Nearly 30 years after the publication of his celebrated (and controversial) book A Common Law for the Age of Statutes, the Honorable Guido Calabresi sat down with Philip Howard to discuss the ongoing problem of obsolete law in America. Judge Calabresi is a senior judge on the U.S.Court of Appeals, Second Circuit, and a professor at (and former Dean of) Yale Law School.
What prompted you to write A Common Law for the Age of Statutes?
I teach law, and I saw all sorts of laws that no longer made any sense. Some were very old. Some were laws that were passed relatively recently to meet a particular emergency and then just stayed in place because of inertia in the legislatures. This inertia was intentional -- to make it difficult to make laws -- but it makes it even harder to repeal them. I kept running into outmoded laws, and so I started asking, "Is there anything that can be done?"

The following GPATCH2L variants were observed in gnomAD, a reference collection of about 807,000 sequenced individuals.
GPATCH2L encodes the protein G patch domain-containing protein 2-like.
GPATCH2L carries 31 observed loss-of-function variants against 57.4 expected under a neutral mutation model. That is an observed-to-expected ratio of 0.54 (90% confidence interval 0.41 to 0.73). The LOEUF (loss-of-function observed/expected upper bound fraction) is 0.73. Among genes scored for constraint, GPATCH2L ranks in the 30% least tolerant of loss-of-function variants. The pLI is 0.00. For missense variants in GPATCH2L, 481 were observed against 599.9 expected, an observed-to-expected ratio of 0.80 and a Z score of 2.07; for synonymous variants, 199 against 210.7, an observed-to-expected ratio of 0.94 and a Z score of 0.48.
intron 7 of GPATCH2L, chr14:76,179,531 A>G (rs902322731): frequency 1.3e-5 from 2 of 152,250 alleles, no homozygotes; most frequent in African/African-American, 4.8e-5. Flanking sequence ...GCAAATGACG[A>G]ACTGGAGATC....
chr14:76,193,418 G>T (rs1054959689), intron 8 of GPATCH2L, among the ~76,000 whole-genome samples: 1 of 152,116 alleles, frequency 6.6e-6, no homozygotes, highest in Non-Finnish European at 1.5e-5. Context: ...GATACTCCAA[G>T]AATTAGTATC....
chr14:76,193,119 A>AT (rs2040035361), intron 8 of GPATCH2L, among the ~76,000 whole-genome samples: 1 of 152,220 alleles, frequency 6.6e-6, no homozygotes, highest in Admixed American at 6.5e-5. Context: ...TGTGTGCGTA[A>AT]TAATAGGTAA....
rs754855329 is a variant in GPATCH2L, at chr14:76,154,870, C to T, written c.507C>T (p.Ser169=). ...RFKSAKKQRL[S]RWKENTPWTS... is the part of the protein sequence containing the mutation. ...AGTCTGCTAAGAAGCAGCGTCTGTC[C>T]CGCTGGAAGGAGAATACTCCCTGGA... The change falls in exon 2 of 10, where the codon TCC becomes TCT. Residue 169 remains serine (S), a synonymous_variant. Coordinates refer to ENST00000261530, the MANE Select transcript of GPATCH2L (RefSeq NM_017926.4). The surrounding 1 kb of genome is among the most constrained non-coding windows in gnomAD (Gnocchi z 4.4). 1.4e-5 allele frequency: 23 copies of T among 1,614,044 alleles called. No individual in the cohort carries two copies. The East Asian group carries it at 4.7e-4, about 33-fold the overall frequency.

My suggestion in the book is that courts be given the power by legislatures to order the sunset of a statute. If the legislature disagreed with a court's determination, they would of course be empowered to overrule the court and reenact the statute. Whether and when a law should sunset depends on the law itself. Some become obsolete almost immediately, while others remain relevant for a very long time. What you need is judgment, and it's a kind of judgment that, at least in the old days, common law judges used in updating the common law: "This no longer fits; this doesn't treat like cases alike."